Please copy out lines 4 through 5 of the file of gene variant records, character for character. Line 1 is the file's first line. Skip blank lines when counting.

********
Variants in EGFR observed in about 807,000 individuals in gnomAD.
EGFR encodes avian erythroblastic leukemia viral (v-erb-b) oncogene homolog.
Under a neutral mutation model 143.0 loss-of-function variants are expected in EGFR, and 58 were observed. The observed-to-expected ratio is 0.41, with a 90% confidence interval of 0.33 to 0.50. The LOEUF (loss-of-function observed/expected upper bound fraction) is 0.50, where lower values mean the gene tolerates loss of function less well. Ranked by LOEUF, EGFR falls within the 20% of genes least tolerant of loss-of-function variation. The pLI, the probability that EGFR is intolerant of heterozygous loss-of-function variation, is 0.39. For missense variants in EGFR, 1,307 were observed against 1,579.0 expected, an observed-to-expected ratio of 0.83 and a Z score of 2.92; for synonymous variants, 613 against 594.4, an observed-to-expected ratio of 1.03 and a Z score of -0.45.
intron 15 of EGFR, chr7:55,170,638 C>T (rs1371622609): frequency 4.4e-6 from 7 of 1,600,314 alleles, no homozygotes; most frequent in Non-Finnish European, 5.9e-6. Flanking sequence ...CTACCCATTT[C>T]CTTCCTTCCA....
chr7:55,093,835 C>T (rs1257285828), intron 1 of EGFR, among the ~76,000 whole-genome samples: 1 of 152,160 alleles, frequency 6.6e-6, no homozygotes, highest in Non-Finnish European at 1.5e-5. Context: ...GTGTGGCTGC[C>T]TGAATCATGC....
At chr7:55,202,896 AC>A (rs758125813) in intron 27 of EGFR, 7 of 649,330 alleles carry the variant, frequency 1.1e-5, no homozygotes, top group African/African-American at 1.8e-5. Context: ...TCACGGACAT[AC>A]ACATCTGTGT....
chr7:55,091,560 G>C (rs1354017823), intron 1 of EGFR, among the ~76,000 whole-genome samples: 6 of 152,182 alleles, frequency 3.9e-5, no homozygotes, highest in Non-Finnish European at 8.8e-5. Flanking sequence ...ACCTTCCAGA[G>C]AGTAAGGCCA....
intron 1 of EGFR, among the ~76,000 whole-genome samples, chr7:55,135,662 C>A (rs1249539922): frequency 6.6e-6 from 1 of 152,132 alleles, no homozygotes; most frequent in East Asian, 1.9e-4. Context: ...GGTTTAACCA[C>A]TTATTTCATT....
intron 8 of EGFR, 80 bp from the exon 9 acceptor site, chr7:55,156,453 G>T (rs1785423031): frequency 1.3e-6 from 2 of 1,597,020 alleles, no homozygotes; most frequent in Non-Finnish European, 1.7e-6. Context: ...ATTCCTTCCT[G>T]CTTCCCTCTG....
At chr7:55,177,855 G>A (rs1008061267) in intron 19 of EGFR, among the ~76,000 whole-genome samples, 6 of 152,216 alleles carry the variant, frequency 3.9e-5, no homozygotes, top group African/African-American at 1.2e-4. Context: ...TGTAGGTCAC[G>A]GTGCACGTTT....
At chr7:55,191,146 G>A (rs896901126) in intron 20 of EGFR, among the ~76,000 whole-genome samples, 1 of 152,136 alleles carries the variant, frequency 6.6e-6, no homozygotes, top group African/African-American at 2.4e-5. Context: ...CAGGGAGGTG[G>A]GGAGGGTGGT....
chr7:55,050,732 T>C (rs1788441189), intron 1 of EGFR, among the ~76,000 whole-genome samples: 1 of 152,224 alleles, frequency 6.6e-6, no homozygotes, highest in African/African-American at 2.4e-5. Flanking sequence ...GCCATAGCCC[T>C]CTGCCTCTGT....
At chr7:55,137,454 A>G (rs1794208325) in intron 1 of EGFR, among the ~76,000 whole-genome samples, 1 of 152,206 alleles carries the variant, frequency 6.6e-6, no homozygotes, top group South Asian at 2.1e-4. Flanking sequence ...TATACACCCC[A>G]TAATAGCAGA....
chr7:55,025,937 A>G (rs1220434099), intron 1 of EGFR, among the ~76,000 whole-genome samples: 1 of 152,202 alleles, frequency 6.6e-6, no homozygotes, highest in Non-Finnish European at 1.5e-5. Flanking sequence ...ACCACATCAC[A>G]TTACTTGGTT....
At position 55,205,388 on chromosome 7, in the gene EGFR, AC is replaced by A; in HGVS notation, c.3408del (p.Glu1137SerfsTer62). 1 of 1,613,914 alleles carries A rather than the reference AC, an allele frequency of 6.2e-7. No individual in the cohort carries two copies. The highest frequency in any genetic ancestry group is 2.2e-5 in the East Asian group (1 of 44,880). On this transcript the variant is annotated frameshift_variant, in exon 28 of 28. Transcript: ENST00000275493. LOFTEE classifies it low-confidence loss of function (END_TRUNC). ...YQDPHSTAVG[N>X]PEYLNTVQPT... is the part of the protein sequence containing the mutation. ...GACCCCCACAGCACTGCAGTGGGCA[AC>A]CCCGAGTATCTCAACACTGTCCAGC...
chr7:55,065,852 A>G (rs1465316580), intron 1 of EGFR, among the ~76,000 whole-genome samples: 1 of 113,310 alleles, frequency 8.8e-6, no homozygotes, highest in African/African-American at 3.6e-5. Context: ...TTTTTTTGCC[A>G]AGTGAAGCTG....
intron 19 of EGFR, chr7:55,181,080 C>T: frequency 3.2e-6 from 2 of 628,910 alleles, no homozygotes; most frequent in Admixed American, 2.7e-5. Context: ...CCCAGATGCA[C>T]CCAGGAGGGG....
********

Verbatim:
intron 15 of EGFR, chr7:55,170,638 C>T (rs1371622609): frequency 4.4e-6 from 7 of 1,600,314 alleles, no homozygotes; most frequent in Non-Finnish European, 5.9e-6. Flanking sequence ...CTACCCATTT[C>T]CTTCCTTCCA....
chr7:55,093,835 C>T (rs1257285828), intron 1 of EGFR, among the ~76,000 whole-genome samples: 1 of 152,160 alleles, frequency 6.6e-6, no homozygotes, highest in Non-Finnish European at 1.5e-5. Context: ...GTGTGGCTGC[C>T]TGAATCATGC....